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Archive for September, 2016

“Bribery laws directed at elections tended to criminalize vote buying instead of law buying (paying a candidate to get a law passed)…. “North Carolina passed an 1801 statute that prohibited [“treating,”] giving voters meat or drink or anything else of value on election day….. “The North Carolina Supreme Court in 1850 held that treating is  […]

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“[Naturalist John Muir seems to have had] an underlying ambivalence toward his Eastern associates. A friend once reported that after Muir and [Charles S. Sargent, director of Harvard’s Arnold Arboretum] reached the top of [Grandfather Mountain] in North Carolina, Muir ‘began to jump about and sing and glory in it all’ before he noticed Sargent […]

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“Redwood timber was in high demand during [World War II] because it not only did not warp but also had insulation properties, soundproofing capabilities and resistance to fire; so Roosevelt and [forester] Nelson Brown experimented with growing redwoods and sequoias on the East Coast…. “Roosevelt wrote Vice President Henry Wallace, ‘As you know, the rainfall […]

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Forty-five years ago, James Taylor was a young, long-haired songwriter with just a couple albums under his belt. On September 18, 1971 he played a gig at the Hollywood Bowl in Hollywood, California. Our September Artifact of the Month is a poster from that appearance. Taylor, who spent much of his childhood in Chapel Hill, […]

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“The Secret Service visited Currituck County High School in Barco and confiscated a poster created for a civics assignment. “The student who made the poster wanted to illustrate the right to dissent and took a photograph of his hand in a thumbs-down position next to a photograph of George W. Bush that was affixed to […]

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John Boyle’s Asheville Citizen-Times column on a Confederate colonel  being stripped of his highway historic marker included a second instance of roadside revisionism: “The [marker] for Lillian Exum Clement will be coming down for a clarification. Unlike the [Col. Stephen] Lee sign, Clement’s will go back up…. “It seems Clement, the first woman elected to the […]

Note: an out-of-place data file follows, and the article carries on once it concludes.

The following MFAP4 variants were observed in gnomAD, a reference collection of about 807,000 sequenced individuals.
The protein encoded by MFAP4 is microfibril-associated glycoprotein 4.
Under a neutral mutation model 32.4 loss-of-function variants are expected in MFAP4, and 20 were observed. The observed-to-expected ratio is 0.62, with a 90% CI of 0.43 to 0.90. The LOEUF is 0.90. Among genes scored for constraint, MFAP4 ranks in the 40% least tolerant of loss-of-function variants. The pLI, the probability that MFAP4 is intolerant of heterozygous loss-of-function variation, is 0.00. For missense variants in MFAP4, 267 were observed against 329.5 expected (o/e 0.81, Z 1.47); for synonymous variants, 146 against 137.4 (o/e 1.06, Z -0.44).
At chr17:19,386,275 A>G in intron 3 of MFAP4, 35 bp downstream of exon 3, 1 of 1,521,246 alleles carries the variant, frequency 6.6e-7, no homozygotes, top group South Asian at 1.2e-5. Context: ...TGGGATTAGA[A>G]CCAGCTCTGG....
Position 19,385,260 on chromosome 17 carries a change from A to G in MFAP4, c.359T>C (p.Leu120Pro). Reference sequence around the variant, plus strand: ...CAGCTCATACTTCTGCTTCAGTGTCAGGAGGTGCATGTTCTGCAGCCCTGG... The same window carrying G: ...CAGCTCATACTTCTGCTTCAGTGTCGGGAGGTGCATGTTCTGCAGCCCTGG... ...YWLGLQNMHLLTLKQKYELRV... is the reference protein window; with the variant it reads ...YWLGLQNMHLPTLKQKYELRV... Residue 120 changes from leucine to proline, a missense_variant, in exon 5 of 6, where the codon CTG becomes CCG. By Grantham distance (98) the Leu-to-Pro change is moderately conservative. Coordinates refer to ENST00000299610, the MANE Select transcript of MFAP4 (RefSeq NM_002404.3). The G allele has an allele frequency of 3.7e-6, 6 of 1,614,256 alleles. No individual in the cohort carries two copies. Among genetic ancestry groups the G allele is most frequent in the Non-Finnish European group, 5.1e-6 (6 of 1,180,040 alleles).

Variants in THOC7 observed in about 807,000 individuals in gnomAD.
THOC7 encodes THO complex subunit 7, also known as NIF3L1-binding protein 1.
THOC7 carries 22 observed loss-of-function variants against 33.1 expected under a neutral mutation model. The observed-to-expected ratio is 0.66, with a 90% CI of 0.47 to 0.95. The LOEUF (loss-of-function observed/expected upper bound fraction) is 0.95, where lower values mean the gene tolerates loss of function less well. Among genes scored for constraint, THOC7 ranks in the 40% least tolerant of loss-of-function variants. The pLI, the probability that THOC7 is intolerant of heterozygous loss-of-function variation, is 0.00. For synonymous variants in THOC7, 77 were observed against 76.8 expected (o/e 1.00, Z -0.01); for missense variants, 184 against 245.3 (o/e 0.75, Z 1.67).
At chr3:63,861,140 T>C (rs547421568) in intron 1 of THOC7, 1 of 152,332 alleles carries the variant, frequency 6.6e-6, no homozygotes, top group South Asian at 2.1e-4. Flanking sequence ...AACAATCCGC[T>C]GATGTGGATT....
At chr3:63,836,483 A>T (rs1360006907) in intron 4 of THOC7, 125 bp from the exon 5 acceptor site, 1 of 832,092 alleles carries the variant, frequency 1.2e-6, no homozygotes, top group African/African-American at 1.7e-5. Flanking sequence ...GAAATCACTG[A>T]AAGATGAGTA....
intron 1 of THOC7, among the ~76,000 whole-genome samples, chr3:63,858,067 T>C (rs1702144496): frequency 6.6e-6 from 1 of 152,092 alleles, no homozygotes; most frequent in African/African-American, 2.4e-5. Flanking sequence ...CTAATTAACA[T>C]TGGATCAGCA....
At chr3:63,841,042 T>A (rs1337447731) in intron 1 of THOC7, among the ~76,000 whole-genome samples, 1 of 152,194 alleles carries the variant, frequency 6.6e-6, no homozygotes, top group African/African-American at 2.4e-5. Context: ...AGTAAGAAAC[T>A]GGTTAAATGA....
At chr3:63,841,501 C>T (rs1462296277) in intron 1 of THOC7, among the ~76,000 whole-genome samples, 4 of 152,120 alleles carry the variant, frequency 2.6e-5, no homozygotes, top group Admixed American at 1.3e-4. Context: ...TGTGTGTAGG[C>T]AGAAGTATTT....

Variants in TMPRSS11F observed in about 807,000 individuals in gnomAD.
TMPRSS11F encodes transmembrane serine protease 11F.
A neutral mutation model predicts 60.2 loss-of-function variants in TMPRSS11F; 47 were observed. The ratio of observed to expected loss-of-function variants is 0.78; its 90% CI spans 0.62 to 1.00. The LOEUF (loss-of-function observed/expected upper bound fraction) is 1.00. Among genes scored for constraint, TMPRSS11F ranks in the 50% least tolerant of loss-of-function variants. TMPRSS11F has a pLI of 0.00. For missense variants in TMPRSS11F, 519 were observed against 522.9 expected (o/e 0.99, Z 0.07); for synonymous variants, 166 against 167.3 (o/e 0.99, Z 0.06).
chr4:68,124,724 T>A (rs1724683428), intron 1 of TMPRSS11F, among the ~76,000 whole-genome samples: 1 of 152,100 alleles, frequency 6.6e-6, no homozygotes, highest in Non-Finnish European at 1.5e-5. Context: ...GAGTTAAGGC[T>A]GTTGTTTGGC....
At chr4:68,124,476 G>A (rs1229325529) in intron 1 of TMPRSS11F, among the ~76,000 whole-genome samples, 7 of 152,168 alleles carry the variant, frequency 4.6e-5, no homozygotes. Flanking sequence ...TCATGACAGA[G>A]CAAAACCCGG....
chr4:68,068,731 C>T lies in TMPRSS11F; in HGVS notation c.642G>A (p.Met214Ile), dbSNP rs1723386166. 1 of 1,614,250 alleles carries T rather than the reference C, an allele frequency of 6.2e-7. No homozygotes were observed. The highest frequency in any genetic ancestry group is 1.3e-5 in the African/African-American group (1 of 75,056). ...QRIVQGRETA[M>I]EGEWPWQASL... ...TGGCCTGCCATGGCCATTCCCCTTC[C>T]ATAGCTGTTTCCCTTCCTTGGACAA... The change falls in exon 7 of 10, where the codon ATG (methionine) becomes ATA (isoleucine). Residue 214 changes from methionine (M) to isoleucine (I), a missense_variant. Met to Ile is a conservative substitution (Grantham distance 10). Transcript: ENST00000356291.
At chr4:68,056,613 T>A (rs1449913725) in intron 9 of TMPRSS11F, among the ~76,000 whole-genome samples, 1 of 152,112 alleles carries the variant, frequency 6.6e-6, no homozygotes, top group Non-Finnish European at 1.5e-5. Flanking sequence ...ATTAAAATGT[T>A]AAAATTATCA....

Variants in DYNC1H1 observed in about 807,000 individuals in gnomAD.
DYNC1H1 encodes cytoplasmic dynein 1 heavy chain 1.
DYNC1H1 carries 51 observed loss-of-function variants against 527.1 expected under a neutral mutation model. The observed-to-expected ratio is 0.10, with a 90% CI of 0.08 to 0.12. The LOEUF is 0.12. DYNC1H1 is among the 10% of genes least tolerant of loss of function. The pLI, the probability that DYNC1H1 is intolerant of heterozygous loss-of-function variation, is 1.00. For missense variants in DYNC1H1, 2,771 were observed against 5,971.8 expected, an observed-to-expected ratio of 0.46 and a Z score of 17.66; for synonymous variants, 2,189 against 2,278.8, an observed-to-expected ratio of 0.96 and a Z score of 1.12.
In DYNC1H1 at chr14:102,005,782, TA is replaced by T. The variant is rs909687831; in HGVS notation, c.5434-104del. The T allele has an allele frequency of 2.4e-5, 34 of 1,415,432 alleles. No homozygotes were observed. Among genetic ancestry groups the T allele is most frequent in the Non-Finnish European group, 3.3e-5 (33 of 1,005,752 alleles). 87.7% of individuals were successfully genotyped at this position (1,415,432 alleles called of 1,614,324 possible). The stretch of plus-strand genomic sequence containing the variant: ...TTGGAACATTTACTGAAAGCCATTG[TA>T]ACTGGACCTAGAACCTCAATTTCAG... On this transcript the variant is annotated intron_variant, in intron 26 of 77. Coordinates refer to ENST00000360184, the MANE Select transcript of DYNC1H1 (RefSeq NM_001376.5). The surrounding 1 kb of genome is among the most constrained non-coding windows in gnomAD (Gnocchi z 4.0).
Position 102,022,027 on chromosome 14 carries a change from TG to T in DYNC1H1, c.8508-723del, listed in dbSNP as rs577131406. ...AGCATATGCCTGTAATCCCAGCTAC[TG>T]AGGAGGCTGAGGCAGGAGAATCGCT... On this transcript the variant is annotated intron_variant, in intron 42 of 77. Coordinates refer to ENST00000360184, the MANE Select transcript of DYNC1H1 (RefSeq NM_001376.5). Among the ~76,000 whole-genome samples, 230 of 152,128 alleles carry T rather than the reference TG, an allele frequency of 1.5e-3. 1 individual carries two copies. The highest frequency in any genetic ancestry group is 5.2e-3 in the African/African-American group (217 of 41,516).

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One hundred years ago today the tall, rather awkward, not quite yet sixteen-year-old Thomas Clayton Wolfe boarded an early morning train in Asheville bound for Durham. There he was met by his brother-in-law who drove him the twelve miles over to Chapel Hill to enroll at the University of North Carolina. Wolfe had longed to […]

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Points of interest clumsily extracted from “The Most Detailed Map of Gay Marriage in America” by Quoctrung Bui in the New York Times (Sept. 12): Same-sex marriages account for 1.29% of all marriages in the 288 Zip code region (Asheville). This rate is highest in North Carolina, ahead of the 277 Zip (Durham) at 1.03. […]

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On this day in 1962: Carl Sandburg, age 84, makes his final public performance, reading poetry, singing and playing the guitar at Flat Rock Playhouse. To cap off the evening he waltzes in the wings with Maria Beale Fletcher of Asheville, who has just finished her year as Miss America. .

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Several new titles just added to “New in the North Carolina Collection.” To see the full list simply click on the link in the entry or click on the “New in the North Carolina Collection” tab at the top of the page. As always, full citations for all the new titles can be found in […]

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